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JIMMY'S HOUSE OF HUGS was my second sync sound film, again, with no real equipment but a 3 chip dv camera. So the sound is bad in this, too, although you can still understand the dialogue.
This film I put together quickly in a week and shot in one day. During this semester I had to do three shorts films, the third being, SALLY'S DREAM HOUSE which was for my advanced cinema production course. Most of my energy needed to go to that film. JIMMY'S was the second project for Joni Varner's dv class. Originally, Jeremy and I were going to do a short documentary on Marine boot camp in San Diego, but the war in Iraq just broke out, and a week before we were going to shoot, they called us and said they couldn't let us do the project at that time. Now, I still needed to film my second project very quickly, otherwise I wouldn't have enough time to work on SALLY'S. So, on a Sunday, I shut myself in my bedroom until I came up with an idea. Nothing, nothing, nothing. Then, an idea I had previously considered about a hugging business came to mind but I didn't know what to do with it. I kept looking around my room, thinking about how there was a rumor that this 1929 Spanish style apartment complex using to be a bordello. Hugging.... bordello.... a-HA -- a hugging bordello!
I thought I could do a mockumentary on a hugging bordello for women. I thought how women can always go into a bar and get sex if they really wanted to (not recommended by me, of course) but how men didn't have that same certainty, therefore, the business of prostitution helps them out with that (not recommended by me, either) . However, women could not always be guaranteed HUGS accompanied with genuine understanding.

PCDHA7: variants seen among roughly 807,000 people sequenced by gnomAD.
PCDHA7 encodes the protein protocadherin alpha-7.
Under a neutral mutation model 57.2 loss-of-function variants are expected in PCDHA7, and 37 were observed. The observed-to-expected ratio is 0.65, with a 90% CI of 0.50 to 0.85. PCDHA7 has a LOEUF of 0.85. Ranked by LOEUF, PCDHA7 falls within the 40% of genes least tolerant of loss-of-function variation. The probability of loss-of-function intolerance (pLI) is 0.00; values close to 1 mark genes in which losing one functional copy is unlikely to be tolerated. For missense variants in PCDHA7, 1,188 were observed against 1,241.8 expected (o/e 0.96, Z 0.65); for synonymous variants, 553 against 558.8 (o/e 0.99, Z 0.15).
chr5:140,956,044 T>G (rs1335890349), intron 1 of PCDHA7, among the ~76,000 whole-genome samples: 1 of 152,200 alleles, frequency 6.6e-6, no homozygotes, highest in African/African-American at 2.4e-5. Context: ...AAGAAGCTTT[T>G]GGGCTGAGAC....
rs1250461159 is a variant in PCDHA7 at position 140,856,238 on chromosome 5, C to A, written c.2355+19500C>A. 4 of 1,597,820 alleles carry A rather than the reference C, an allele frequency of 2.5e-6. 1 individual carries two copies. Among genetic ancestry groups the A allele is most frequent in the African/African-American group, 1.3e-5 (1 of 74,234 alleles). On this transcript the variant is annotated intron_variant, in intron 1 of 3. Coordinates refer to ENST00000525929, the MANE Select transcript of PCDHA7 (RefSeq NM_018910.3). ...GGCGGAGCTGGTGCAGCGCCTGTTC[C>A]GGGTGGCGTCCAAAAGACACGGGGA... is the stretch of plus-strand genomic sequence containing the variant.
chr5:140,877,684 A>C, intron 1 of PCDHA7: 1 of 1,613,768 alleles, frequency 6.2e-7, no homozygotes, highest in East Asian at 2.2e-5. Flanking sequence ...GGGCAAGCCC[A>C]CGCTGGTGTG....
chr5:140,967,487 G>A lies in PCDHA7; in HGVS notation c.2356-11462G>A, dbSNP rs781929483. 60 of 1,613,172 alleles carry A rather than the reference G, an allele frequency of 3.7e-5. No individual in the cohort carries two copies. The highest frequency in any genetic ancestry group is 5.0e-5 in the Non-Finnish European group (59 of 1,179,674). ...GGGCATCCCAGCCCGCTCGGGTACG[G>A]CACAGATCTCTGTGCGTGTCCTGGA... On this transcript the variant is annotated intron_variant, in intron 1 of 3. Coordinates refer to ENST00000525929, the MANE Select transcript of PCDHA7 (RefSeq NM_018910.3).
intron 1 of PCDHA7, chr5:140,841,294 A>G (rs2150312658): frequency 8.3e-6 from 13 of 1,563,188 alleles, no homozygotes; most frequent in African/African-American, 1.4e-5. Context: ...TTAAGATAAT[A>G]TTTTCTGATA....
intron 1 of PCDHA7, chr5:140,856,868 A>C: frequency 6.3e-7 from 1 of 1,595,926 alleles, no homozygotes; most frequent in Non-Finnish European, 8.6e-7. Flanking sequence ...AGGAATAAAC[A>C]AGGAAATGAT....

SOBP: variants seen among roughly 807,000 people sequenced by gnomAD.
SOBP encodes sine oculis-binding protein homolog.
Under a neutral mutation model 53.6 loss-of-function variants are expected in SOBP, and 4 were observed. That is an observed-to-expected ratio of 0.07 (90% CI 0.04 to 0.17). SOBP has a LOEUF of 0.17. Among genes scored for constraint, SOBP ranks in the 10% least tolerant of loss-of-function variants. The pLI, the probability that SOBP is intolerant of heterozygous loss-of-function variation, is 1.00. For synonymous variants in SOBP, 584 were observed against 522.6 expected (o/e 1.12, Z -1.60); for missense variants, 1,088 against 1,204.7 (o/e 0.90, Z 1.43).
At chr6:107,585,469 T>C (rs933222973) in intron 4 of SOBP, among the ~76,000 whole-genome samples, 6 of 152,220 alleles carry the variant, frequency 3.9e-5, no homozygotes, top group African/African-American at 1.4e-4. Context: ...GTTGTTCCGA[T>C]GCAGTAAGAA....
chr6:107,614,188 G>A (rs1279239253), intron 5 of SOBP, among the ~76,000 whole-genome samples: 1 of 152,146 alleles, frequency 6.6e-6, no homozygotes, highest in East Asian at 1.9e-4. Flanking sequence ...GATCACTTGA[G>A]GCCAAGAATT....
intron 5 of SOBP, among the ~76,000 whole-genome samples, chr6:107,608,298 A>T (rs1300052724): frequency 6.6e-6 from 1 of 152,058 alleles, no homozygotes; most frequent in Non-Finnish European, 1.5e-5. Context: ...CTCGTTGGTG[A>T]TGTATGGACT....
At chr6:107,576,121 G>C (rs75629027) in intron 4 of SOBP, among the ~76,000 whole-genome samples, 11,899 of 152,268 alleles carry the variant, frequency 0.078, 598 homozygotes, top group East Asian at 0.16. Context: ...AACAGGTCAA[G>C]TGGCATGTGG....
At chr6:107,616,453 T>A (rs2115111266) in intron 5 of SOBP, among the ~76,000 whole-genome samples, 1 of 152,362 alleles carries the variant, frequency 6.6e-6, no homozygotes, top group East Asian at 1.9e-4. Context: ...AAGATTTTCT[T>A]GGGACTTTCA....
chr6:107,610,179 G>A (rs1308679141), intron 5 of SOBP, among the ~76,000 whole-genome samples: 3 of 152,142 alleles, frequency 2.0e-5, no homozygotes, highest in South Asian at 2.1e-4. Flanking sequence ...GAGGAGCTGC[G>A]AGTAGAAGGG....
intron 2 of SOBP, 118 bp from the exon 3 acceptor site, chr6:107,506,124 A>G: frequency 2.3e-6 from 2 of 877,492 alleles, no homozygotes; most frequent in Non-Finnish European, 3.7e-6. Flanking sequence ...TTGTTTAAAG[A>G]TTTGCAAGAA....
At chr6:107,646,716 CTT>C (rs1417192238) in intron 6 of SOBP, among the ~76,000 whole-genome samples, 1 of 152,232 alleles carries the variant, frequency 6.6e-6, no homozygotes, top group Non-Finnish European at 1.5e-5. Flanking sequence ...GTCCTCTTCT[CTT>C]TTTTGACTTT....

I still was trying to form the structure of it. Then, an actor, Gianfranco Russo, who had auditioned for a role in SALLY'S DREAM HOUSE, came to mind. I didn't cast Gianfranco in Sally's because I went with an all-American kind of guy for the part. But he had a great presence and a sexy Italian accent to boot. I started writing the role of Jimmy for Gianfranco, hoping, of course, that he could play the part. I saw Jimmy as a reformed player, who started a hugging business as a way to show his newfound respect for women... and so he could be around women.
I called Gianfranco and asked if he'd like to do the film. He accepted and I emailed him the script. When we met, he said to me, "This is me -- I am this guy!" He said that he, too, had been somewhat of a playboy when he was younger but had since changed his ways. He still retained a large dose of smoothness, but was actually very (and surprisingly) genuine.
When I started writing the script on that Sunday, I had just one week to put the whole film together. Everyone I cast was a friend/co-worker or was someone who had auditioned for me before. Megan Molloy, who played Christine, had auditioned for me for a part in the scene in my directing class, and was my second choice, but I went with Emily Brooke Hands, instead. I thought she was great though, so I called her and offered her the part.